Both consumer confidence and retail employment, particularly among general merchandise retailers including discounters and department stores, saw pick-ups last month. That, coupled with the Dow Jones Industrial Average hitting new highs, suggests that at the very least the U.S. economic backdrop isn’t getting any worse. No one believes that the economic problems in Europe have been resolved, or that there won’t be some sort of impact in the U.S. in certain geographic pockets due to the sequester.
Claire’s Inc., the teen accessories retailer acquired in 2007 for $3.1 billion by private equity firm Apollo Management, on Friday filed to raise $100 million in an initial public offering. The filing said proceeds will be used to repay debt. Claire’s operates 3,477 stores across North America, Europe and China under the nameplates Claire’s and Icing. Annual volume is about $1.56 billion. The buyout saddled the once debt-free company with $2.4 billion in long-term debt. In the filing, the company said $522 million comes due in 2015. The firm in March issued $210 million in debt to pay down a portion of those notes.
It wasn’t immediately clear how many shares Claire’s planned to sell. Typically the amount in the filing is used as a placeholder to calculate registration fees.
Already’s there’s talk of other private equity firms eyeing initial public offerings as exit strategies for their investments. Neiman Marcus Inc., owned by TPG and Warburg Pincus, and Burlington Coat Factory, owned by Bain, are two names that surfaced as possible candidates in recent weeks.
Strategics such as Coty Inc., which tried last year to go public, also are said to be eyeing another attempt at the public markets.
A stabilized economy also seems to have some firms eyeing investors, possibly from the mergers and acquisitions front, to help fuel expansion plans.
Last week at the Next Great Consumer Brands Conference copresented by Consensus Advisors and The Nasdaq OMX Group, there were 15 firms pitching to prospective investors and lenders. Among those firms were streetwear e-tailer Karmaloop, which targets the verge consumer, and menswear brand J. Hilburn.
Fashion retailer Kitson is also exploring investment options to further its growth here and overseas. Christopher Lee, Kitson’s chief executive officer, told attendees the company’s goal is to “go public or be taken by a public firm.”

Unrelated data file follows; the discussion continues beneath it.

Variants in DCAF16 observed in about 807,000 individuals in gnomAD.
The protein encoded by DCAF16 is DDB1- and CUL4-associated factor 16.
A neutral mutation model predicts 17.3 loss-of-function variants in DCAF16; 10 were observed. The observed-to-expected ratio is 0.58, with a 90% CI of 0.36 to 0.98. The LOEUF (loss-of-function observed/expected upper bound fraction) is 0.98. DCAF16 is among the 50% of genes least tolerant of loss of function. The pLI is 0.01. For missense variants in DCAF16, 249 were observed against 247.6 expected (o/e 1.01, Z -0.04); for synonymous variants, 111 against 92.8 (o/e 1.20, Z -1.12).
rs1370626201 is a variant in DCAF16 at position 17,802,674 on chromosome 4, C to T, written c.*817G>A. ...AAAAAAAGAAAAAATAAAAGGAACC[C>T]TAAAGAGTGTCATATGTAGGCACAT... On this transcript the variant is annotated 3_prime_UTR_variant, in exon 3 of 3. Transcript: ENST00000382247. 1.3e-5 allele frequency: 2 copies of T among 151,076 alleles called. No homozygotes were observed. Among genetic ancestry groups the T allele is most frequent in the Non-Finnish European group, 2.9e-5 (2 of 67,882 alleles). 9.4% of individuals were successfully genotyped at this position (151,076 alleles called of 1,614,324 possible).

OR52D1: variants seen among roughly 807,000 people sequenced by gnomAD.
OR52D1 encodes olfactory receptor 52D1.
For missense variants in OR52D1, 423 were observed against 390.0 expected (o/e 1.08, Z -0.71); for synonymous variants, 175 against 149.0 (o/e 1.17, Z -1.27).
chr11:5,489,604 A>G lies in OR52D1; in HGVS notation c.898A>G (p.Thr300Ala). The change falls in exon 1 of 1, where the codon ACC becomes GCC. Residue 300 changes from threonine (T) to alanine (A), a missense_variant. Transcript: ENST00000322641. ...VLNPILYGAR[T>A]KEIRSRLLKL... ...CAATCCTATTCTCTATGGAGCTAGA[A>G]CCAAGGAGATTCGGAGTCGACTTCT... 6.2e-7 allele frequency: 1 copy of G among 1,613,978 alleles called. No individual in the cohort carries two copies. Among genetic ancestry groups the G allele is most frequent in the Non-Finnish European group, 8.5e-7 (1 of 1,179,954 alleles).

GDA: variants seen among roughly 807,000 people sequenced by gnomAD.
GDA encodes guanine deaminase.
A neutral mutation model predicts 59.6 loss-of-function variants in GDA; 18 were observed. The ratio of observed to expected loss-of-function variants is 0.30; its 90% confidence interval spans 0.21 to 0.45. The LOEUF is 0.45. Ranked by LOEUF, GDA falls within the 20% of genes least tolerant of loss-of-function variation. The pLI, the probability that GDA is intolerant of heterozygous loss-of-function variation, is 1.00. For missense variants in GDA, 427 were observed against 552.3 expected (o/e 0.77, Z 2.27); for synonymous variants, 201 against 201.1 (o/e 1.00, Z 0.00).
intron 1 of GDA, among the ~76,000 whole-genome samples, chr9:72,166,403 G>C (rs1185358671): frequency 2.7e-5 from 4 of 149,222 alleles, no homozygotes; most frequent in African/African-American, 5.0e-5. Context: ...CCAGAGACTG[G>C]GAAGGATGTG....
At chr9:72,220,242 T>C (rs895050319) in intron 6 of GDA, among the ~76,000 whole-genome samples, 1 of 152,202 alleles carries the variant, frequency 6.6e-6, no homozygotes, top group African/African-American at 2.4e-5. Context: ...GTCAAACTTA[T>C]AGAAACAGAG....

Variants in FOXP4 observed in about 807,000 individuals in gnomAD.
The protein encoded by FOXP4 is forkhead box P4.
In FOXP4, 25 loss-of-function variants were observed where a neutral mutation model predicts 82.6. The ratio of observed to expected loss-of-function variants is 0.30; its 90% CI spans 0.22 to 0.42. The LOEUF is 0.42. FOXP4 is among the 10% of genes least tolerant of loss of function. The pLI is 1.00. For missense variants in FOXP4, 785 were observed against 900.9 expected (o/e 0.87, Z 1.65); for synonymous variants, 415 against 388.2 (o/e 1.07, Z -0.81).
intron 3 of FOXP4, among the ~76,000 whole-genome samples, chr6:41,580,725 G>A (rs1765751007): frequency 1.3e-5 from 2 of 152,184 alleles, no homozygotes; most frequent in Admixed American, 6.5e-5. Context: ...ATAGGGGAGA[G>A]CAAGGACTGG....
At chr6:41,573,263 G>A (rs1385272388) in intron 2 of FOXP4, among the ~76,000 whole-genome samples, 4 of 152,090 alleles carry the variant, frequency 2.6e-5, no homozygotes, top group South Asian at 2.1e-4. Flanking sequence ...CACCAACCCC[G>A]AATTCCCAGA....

In the case of Neiman Marcus Inc., TPG and Warburg are believed to be pursuing a dual-track agenda, eyeing the public markets as it explores acquisition interest to determine which option could give more bang for the buck in terms of investment returns.
The Deal reported that Houston-based Charming Charlie Inc., majority owned by private equity firm Hancock Park Associates, has shopped the company to possible buyers.
There’s also been increased activity in the venture capital front.
VC flow in the first quarter in fashion and retail firms hit at least $150 million in follow-up investments, mostly to help those firms get to the point where venture capitalists can plan their exit strategies. As for the second quarter, there’s continued VC investment with many investors committing additional capital moving from seed to early stage and beyond.
Equity crowdfunding platform CircleUp completed a $7.5 million Series A round led by Union Square. Also investing in the round is Google Ventures, as well as existing seed investor Maveron.
Merchantry, an online marketplace technology provider, raised $7 million in a Series B round. Investors include Kite Ventures and Greycroft Partners. The latest investment is in addition to the $10 million Series A funding that includes as an investor Marvin Traub Associates.
RetailNext Inc., a technology platform providing “big data” using e-commerce-style shopper analytics to brick-and-mortar stores, completed a $15 million Series C round led by new investor StarVest Partners. Existing investors, such as August Capital, participated in the C round as well.
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